"You can imagine that for me, I'm almost in the same position as you," Plant says. "When you're right in the middle of the adventure you don't really, can't really, see it from the outside. Whenever anyone's spoken to me over the years about what it is or what it was, I don't really have an overview. I just was right in the middle of it all, doing my best to keep my head above the water."

There's a pause. "And also riding very happily on a few clouds."

The CD material was easily accessible, taken from concerts recorded two days apart in Los Angeles and Long Beach in June 1972. But the footage on the DVD required more effort, and money. Some of it was in the band's hands. There was the material recorded in 1973 at Madison Square Garden, only some of which ended up in flawed 1976 concert film The Song Remains the Same. But others came in response to an offer Page made to fans/bootleggers to buy good-quality material such as the missing bits of a 1970 Albert Hall concert.

The DVD's final segment is the band's comeback concert at Knebworth before more than 200,000 fans in 1979, less than a year before drummer Bonham died, effectively ending the band.

Even more than for the music, this footage is remarkable for the end of the show, where we can see the faces of the band, particularly Plant's. There's pleasure, relief and something else that you can't quite identify, but clearly marks an emotional response from a band not given to overt emotion.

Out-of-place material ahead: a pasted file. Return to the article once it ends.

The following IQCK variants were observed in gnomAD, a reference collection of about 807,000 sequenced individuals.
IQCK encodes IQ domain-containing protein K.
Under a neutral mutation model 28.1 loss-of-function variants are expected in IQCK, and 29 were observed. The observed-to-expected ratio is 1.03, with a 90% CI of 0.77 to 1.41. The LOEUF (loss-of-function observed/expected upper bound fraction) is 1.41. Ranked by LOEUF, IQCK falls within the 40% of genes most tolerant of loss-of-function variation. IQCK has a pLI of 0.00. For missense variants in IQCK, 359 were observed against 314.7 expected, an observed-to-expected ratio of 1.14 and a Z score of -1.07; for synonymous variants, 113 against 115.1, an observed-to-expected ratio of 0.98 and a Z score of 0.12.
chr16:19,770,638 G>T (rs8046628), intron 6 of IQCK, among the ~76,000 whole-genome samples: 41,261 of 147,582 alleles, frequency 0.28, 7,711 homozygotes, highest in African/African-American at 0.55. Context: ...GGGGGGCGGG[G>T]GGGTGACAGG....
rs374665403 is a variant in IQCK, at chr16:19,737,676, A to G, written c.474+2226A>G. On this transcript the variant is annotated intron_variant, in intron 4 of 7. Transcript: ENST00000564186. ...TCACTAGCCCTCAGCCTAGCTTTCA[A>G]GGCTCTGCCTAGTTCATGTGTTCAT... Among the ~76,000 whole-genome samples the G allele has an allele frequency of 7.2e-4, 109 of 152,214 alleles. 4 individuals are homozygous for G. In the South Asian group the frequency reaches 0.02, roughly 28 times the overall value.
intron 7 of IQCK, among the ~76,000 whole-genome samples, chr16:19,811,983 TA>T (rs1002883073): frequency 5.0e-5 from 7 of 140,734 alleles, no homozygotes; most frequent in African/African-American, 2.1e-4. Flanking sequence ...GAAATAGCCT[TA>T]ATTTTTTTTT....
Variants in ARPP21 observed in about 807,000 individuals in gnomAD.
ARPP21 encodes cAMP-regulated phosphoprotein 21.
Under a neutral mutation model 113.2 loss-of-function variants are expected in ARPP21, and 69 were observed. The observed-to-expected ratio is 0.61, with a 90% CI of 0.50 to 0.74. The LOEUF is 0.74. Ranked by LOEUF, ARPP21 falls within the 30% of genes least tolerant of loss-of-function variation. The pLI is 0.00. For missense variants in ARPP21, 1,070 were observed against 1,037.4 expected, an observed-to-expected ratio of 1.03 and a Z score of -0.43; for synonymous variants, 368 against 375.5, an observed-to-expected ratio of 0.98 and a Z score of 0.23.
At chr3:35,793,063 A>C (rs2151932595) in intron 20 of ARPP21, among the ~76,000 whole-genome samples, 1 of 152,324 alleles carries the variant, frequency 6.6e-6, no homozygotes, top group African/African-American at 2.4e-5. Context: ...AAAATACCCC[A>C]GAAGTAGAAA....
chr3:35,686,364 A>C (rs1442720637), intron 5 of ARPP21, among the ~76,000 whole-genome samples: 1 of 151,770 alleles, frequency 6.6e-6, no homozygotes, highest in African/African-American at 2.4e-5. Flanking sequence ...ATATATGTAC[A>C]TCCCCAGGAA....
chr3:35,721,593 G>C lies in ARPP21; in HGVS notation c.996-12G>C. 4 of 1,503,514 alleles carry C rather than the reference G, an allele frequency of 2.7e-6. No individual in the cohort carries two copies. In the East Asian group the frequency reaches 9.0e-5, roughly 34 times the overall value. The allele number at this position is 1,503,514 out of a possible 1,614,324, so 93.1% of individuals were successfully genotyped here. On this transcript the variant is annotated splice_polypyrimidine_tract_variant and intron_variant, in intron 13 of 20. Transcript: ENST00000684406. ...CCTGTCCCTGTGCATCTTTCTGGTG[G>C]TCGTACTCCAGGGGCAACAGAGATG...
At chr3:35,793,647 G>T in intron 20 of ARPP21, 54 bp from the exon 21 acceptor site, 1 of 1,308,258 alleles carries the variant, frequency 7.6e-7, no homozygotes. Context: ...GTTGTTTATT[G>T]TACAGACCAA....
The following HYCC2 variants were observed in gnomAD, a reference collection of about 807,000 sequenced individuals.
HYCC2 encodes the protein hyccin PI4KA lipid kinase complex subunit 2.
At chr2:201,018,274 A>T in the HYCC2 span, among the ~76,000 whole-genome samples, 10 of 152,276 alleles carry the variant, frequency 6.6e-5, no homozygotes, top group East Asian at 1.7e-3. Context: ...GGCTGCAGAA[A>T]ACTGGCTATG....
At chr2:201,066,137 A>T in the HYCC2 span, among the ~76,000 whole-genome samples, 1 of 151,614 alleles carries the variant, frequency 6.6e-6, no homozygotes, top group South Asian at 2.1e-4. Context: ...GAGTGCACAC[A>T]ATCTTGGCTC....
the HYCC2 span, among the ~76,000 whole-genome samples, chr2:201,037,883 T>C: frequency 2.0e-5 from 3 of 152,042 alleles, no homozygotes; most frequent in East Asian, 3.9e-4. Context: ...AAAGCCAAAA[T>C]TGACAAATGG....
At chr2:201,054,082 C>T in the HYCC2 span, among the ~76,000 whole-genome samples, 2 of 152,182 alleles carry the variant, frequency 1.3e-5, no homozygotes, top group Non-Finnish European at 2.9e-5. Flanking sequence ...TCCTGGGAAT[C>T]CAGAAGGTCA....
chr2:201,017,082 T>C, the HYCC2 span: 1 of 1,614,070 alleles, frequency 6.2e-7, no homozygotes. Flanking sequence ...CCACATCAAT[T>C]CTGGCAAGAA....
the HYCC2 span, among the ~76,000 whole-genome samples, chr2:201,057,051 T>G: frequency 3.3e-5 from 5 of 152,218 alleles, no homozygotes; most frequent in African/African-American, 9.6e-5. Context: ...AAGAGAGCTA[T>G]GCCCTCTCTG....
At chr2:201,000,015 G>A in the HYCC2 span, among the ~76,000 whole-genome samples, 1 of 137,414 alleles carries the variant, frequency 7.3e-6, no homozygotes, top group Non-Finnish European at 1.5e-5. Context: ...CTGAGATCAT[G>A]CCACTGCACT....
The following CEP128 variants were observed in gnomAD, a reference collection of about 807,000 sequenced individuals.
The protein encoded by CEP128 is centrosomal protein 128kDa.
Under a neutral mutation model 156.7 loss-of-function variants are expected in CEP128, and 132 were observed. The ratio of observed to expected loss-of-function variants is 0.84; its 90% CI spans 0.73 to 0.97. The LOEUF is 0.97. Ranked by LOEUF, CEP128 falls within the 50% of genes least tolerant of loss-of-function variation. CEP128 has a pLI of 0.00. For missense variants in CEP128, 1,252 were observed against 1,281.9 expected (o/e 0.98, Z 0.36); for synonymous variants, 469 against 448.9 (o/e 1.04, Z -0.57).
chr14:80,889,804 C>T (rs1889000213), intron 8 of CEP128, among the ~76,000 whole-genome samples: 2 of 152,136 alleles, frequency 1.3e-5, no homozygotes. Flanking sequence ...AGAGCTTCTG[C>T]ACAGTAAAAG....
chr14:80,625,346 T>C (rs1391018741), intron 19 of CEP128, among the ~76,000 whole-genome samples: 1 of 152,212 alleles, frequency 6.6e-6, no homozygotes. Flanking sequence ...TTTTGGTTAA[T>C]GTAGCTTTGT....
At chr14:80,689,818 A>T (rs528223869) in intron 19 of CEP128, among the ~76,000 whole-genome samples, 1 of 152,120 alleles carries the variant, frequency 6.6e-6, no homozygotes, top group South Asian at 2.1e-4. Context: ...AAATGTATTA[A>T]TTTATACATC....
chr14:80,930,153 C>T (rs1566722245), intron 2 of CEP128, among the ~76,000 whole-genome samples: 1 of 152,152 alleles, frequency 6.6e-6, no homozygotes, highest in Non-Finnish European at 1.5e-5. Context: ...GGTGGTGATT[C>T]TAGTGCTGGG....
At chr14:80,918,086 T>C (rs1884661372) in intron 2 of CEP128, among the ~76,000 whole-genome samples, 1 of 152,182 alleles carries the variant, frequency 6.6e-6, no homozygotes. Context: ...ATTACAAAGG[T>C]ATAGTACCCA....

"It was four years since our previous gig in England," explains Plant. "I had lost my boy in the middle of '77 [in July his son, Karac, died suddenly while Plant was on tour in the US] and I had a car wreck shortly after the previous gig in the UK in '75. The volume of tickets was such that I didn't think anyone was worth that. I really didn't think we could uphold and qualify the faith that had been put in us by 220,000 people who had shown up.

“That's not the way to go into something like that, but it would have been smug of me to think that we deserved that kind of attention, having no proof or evidence of anything except a history. And that goes not just for Knebworth but my approach to this project, too.

"The look on my face is just like absolute relief that it worked, and threads and tendrils and shudders of fear that were chasing through me like electric currents. Because the thing about Led Zeppelin was that it wasn't a four-minute tune with a couple of choruses and a solo. There were a lot of times when were flying by the seats of our pants, and I guess in '79 we didn't know where that was going to take us."

When you see a reissue or historic collection such as this, the word "respect" often comes up from band members. As in, we deserve some. Is that what this means for Plant?

"Nup. Nup. Of course not," he says firmly. "As far as being accepted or respected, I don't give a f---. That is what it was. It was an amazing place to be and that was the best I could do. The energy and performance and just the actual delivery, the execution of our songs, the songs we wrote and put across, we were no slouches. And it was just fantastic to be in that.

"I don't care anymore. I did some good stuff, I did some bad stuff, but by and large, to see that again now, yeah, I'm proud of it."